James Daley

By James Daley

The Payment Protection Insurance mis-selling scandal is the worst episode in the banking and insurance industry's history. Not only has it already cost banks and insurers over £20bn in compensation and fines, but it also continues to destroy trust between consumers and the industry - for which the cost in pounds and pence must be even greater.

The latest chapter is the news that Clydesdale Bank has been fined almost £21m for failing to handle complaints about PPI correctly - confirming everyone's suspicion that banks struggle to do the right thing even when they have been caught red-handed and are in the process of putting things right. To use a criminal justice anology, it's as though - having been given community service for mis-selling PPI - Clydesdale is now back in the dock for mistreating the same people who it was punished for hurting in the first place.

Treating customers unfairly

It's worth reading the FCA's final notice if you're interested in understanding the astonishing lengths that financial companies will go to, in the pursuit of saving a few pounds. In this instance, Clydesdale put policies in place which stated that they wouldn't look at customer's claims if they related to accounts that had been closed more than seven years before the complaint was made. While Clydesdale had incinuated that this was because it didn't have records for these accounts, the truth was that in many cases it did. This was a decision taken to try and limit its compensation bill - something that was sanctioned by senior stakeholders in the business.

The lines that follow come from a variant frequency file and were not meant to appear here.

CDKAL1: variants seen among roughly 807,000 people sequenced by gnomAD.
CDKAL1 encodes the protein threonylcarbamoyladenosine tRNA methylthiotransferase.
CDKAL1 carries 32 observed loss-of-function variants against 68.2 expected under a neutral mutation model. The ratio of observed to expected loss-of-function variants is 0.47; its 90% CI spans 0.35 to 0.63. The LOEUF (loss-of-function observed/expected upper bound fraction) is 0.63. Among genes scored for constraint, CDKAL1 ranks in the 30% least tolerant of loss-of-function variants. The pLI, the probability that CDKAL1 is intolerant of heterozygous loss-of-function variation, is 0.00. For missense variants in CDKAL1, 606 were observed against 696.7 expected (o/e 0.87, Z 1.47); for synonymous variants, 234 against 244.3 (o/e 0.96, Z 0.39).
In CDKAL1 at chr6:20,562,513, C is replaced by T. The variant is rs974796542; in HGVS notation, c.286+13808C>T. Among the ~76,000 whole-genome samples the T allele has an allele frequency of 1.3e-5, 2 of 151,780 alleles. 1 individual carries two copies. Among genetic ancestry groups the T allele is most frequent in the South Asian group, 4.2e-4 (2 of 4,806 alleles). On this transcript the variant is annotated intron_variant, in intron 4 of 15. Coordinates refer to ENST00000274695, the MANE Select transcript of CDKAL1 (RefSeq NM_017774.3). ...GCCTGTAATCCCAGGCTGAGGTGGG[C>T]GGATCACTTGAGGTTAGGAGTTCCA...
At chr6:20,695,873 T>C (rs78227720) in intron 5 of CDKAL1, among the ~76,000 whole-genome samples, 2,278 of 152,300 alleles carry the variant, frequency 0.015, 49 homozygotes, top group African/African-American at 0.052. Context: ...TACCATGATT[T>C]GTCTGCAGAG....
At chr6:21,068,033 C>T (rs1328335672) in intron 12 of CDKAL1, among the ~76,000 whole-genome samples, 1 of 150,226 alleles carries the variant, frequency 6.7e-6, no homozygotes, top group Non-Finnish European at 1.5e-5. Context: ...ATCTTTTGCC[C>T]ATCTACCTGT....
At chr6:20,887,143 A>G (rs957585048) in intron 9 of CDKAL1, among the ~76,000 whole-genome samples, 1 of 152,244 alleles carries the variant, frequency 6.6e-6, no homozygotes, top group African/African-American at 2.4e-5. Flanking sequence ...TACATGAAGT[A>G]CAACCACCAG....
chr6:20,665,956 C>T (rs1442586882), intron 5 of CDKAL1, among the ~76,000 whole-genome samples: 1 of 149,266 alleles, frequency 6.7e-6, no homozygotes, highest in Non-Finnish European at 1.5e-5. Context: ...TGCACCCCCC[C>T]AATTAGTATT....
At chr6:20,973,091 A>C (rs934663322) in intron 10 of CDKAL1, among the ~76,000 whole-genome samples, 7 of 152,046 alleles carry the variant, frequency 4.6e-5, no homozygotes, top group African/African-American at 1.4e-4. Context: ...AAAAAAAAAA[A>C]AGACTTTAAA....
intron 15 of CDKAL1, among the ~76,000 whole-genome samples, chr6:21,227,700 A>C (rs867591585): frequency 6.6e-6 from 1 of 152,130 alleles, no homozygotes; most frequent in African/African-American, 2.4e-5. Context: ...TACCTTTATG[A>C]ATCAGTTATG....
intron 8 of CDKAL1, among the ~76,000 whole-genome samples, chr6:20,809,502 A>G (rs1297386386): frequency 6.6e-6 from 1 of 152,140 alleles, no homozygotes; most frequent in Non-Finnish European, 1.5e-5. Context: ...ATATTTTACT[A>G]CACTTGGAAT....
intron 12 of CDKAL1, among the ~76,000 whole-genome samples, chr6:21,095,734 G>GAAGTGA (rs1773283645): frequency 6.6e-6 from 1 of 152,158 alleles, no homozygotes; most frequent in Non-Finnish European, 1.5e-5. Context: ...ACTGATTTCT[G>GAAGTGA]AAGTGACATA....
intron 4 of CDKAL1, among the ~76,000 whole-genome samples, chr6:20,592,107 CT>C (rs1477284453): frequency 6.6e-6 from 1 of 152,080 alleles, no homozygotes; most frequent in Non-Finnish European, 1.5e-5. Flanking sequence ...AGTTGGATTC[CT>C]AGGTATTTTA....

This, however, was not the worst of it. In its dealings with the Ombudsman, Clydesdale staff would occasionally be economical with the truth about whether they had records relating to their customers who were complaining. This is a whole new realm of deviance - and a strain that I've never heard exposed before. It's hard not to assume that staff at Clydesdale were incentivised to get complaints rejected at all costs - and in some cases were willing to do whatever it took to get the right outcome.

It's the latest saga in a bad few years for Clydesdale, which has been on a downward spiral in terms of its customer ratings over the past few years. Along with its sister bank Yorkshire - who are both owned by the National Australia Bank - it remains one of the poorest performers in our league tables, particularly on complaints, where only Barclays has a worse record amongst the main banking players.

NAB is currently trying to sell off the two banks - and today's news will be yet another reason to mark down the price.

Fanning the flames of mistrust in financial services

But what frustrates me more is that this is yet another story which reaffirms the public's belief that banks and insurers can't be trusted. The PPI mis-selling scandal has been dragging on for well over a decade. But even now, while the industry is meant to be making its reparations, we continue to get a steady trickle of negative stories where firms are caught failing to put things right as they should do.

Although the FCA is a much more proactive regulator than its predecessor, it still struggles to keep on top of the antics that the finanical services industry gets up to. Fines need to be stiffer and sanctions need to be criminal for the directors that preside over these kind of behaviours. The message from today's Clydesdale story is that the current toolkit is not enough to discourage bad behaviour.